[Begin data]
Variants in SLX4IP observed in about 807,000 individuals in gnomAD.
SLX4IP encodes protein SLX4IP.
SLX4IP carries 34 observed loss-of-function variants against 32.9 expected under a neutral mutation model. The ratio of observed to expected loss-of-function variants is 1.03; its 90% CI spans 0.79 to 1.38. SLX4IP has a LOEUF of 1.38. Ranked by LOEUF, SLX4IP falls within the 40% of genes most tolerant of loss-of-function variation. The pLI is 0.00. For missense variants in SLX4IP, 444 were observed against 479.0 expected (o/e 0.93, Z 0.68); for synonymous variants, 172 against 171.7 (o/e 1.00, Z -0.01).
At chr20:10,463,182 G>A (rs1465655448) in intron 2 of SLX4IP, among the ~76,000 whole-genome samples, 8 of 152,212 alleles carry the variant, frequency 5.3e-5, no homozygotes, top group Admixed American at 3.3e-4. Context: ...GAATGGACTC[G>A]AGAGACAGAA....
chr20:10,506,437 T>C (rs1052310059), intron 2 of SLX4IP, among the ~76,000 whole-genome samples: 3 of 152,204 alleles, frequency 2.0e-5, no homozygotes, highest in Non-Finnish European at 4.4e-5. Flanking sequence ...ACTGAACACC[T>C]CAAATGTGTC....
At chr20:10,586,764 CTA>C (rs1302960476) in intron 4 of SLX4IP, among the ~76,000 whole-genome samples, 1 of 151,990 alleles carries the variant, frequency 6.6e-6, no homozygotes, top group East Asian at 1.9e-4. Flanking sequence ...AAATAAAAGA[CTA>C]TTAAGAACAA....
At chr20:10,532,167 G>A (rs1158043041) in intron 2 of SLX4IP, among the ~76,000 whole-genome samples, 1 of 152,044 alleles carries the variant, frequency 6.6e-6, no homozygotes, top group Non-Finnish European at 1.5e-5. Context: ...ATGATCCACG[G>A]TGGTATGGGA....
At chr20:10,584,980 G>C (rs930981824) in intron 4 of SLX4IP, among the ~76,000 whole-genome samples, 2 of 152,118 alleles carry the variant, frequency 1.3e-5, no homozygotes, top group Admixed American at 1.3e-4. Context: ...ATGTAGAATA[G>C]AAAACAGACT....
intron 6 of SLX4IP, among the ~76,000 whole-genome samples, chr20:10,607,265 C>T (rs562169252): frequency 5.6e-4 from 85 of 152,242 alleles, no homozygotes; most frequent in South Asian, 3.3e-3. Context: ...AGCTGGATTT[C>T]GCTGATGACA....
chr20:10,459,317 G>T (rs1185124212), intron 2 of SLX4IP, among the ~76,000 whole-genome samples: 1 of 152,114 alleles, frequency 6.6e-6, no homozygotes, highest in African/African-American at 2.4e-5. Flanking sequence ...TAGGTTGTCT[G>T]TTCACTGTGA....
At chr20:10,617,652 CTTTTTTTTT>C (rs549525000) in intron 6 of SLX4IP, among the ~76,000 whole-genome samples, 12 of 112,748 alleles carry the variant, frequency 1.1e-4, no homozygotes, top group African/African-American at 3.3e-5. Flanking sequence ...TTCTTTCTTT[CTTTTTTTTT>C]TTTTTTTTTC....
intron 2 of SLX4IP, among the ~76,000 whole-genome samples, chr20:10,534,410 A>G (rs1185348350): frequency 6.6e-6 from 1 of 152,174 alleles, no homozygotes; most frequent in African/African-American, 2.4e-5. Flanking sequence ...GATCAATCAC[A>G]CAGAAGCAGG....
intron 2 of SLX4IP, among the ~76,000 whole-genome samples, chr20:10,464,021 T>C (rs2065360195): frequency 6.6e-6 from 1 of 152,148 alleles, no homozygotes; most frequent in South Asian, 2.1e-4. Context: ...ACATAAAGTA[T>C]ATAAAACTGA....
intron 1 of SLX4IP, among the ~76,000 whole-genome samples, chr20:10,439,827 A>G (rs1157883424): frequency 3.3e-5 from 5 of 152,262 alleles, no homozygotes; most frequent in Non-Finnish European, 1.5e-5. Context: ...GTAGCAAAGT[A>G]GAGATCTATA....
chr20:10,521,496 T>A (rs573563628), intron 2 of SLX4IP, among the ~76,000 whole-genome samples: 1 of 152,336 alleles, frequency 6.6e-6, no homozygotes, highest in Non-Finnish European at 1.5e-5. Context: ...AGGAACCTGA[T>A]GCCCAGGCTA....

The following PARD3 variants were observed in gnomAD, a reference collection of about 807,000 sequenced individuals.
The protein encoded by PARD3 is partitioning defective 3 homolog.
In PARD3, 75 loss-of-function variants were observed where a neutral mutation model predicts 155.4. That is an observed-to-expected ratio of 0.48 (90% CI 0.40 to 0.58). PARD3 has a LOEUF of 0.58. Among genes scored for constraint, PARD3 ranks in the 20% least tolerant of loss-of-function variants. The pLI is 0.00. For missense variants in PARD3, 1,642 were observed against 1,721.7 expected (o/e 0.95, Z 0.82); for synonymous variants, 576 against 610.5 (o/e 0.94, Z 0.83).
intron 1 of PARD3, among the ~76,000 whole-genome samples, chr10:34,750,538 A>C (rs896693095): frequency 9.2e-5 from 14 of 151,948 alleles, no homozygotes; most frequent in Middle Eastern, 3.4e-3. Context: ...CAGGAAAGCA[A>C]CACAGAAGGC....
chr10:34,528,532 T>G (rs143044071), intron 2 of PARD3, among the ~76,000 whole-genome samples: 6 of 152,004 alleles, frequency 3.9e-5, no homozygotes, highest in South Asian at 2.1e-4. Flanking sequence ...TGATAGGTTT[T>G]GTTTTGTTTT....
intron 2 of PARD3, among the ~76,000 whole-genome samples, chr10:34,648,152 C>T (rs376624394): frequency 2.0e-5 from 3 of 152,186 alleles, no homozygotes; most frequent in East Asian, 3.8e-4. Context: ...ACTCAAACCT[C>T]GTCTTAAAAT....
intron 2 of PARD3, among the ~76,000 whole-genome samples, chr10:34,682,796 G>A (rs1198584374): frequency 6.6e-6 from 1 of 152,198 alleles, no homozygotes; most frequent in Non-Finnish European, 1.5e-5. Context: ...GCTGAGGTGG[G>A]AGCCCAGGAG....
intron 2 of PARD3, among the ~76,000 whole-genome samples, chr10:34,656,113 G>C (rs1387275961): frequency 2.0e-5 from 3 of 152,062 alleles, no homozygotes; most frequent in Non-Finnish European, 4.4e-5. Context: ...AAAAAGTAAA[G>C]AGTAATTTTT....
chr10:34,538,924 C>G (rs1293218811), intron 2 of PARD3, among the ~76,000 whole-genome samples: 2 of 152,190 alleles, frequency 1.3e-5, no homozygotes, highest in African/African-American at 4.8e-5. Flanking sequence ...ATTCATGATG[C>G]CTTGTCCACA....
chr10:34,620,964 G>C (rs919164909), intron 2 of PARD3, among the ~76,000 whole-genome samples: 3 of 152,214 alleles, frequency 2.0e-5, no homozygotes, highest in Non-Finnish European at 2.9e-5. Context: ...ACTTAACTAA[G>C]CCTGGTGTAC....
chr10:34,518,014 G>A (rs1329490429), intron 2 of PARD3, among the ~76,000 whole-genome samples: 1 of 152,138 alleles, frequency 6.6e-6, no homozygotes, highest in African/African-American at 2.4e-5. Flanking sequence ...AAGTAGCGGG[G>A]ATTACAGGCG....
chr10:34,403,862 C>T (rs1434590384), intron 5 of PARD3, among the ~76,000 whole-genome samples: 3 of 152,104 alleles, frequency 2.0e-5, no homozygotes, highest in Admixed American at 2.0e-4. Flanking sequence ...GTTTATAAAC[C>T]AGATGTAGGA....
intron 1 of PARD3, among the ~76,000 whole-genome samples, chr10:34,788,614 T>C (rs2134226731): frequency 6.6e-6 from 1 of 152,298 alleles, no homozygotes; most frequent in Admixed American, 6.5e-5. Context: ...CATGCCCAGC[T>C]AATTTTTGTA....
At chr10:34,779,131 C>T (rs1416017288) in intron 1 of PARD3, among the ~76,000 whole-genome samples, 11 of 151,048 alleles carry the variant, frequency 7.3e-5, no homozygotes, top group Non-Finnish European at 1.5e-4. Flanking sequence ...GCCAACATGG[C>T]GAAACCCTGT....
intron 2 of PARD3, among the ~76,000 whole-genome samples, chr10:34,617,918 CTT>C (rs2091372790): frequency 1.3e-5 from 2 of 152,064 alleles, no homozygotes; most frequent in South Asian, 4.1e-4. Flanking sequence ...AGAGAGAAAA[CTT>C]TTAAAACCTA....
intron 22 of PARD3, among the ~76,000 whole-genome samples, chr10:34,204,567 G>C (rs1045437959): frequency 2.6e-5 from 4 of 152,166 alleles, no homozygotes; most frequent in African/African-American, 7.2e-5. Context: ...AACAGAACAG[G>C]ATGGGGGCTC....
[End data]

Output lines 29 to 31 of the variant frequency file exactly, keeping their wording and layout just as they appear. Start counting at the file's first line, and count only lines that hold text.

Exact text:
At chr10:34,779,131 C>T (rs1416017288) in intron 1 of PARD3, among the ~76,000 whole-genome samples, 11 of 151,048 alleles carry the variant, frequency 7.3e-5, no homozygotes, top group Non-Finnish European at 1.5e-4. Flanking sequence ...GCCAACATGG[C>T]GAAACCCTGT....
intron 2 of PARD3, among the ~76,000 whole-genome samples, chr10:34,617,918 CTT>C (rs2091372790): frequency 1.3e-5 from 2 of 152,064 alleles, no homozygotes; most frequent in South Asian, 4.1e-4. Flanking sequence ...AGAGAGAAAA[CTT>C]TTAAAACCTA....
intron 22 of PARD3, among the ~76,000 whole-genome samples, chr10:34,204,567 G>C (rs1045437959): frequency 2.6e-5 from 4 of 152,166 alleles, no homozygotes; most frequent in African/African-American, 7.2e-5. Context: ...AACAGAACAG[G>C]ATGGGGGCTC....